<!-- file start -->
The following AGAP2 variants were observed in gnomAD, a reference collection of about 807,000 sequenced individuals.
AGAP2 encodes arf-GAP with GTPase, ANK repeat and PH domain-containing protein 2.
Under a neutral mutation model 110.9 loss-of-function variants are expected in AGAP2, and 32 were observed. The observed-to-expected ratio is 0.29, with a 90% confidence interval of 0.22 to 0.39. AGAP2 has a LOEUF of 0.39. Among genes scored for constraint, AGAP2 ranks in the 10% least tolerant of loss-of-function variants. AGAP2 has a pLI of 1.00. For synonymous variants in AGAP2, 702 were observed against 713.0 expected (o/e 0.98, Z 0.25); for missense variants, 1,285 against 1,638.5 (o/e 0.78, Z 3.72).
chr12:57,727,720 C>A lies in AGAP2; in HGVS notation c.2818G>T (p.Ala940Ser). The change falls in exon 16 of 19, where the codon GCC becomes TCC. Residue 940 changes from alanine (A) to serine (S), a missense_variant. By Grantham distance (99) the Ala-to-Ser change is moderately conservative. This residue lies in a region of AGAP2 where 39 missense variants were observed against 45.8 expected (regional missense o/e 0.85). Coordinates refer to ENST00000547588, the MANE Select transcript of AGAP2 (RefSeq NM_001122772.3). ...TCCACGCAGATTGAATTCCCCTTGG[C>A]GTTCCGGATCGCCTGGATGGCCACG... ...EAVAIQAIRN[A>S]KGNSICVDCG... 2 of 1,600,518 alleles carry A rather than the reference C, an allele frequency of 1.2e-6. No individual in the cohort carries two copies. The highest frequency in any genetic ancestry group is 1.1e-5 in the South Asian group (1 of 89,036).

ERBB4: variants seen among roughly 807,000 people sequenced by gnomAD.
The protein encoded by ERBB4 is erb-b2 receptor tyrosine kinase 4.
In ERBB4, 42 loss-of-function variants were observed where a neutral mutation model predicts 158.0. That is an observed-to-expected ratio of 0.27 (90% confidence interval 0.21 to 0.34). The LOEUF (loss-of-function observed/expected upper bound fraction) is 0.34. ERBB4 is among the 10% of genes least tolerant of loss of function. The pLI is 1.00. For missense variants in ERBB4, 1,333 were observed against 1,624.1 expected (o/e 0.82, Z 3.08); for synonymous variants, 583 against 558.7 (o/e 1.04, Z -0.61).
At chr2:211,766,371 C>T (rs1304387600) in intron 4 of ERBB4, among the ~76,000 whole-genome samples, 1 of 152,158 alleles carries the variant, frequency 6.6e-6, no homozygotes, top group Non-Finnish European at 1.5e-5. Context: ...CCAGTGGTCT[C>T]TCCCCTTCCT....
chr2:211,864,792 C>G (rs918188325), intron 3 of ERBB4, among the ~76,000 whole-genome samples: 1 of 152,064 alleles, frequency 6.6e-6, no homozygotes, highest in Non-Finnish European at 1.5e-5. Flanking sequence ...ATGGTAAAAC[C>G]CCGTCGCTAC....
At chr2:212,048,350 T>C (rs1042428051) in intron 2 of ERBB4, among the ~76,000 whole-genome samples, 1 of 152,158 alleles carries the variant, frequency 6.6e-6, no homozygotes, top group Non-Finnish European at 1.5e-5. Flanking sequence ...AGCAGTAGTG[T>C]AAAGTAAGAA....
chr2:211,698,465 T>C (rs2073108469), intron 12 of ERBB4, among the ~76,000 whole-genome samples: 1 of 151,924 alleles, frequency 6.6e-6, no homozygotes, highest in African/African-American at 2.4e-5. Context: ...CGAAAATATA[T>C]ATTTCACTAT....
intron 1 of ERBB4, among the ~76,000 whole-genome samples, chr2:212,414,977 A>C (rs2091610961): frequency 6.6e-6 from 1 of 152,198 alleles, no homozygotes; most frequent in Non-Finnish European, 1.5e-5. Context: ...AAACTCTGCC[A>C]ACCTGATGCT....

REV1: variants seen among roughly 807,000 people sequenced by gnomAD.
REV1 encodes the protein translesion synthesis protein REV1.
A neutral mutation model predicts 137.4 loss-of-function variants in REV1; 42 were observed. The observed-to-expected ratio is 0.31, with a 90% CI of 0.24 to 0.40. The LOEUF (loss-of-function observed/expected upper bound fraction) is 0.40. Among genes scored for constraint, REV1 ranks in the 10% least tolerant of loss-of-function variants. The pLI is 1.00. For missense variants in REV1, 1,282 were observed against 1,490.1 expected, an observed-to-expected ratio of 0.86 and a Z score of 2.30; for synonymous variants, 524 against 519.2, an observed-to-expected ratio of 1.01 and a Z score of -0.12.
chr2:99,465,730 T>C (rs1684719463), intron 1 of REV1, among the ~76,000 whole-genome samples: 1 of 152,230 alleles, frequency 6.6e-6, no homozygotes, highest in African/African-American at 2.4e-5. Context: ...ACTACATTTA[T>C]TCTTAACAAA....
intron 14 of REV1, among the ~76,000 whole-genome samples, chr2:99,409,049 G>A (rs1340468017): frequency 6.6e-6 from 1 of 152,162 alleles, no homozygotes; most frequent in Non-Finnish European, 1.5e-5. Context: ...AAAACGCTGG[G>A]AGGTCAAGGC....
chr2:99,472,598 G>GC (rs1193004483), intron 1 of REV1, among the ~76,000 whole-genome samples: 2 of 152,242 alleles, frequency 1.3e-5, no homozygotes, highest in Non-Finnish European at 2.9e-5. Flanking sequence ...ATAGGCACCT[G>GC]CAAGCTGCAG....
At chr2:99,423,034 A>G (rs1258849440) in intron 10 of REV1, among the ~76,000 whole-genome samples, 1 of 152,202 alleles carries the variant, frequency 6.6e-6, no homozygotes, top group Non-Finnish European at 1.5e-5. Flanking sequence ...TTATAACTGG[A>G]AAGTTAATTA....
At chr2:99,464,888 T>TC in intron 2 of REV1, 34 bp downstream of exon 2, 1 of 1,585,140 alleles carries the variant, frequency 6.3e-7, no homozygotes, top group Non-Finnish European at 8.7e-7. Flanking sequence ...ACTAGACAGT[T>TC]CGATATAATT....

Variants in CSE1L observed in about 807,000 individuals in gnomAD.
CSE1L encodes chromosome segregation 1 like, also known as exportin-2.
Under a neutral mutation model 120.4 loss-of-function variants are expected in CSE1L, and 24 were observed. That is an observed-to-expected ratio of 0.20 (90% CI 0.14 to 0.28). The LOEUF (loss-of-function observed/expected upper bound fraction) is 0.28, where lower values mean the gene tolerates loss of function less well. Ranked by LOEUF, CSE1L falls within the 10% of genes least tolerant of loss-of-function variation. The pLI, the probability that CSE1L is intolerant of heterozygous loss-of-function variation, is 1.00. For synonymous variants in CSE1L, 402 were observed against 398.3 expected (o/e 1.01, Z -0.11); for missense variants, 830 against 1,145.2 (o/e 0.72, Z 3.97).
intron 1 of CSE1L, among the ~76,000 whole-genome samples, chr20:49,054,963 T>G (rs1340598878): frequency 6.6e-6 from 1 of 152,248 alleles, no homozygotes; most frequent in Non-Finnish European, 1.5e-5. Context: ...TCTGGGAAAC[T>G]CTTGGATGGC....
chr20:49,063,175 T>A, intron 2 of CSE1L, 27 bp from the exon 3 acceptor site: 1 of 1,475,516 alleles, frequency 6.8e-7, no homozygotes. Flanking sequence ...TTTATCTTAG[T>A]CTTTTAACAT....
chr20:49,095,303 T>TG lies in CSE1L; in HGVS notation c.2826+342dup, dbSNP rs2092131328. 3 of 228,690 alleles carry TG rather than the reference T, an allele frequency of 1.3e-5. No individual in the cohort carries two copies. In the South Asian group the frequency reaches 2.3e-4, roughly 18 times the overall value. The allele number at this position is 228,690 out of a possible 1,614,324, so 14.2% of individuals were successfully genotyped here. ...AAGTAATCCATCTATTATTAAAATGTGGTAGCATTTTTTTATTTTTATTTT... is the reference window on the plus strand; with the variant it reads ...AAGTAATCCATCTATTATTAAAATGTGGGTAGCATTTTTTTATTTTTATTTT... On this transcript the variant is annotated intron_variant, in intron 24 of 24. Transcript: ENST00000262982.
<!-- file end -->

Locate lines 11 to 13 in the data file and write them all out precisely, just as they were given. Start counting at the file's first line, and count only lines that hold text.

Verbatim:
chr2:211,698,465 T>C (rs2073108469), intron 12 of ERBB4, among the ~76,000 whole-genome samples: 1 of 151,924 alleles, frequency 6.6e-6, no homozygotes, highest in African/African-American at 2.4e-5. Context: ...CGAAAATATA[T>C]ATTTCACTAT....
intron 1 of ERBB4, among the ~76,000 whole-genome samples, chr2:212,414,977 A>C (rs2091610961): frequency 6.6e-6 from 1 of 152,198 alleles, no homozygotes; most frequent in Non-Finnish European, 1.5e-5. Context: ...AAACTCTGCC[A>C]ACCTGATGCT....

REV1: variants seen among roughly 807,000 people sequenced by gnomAD.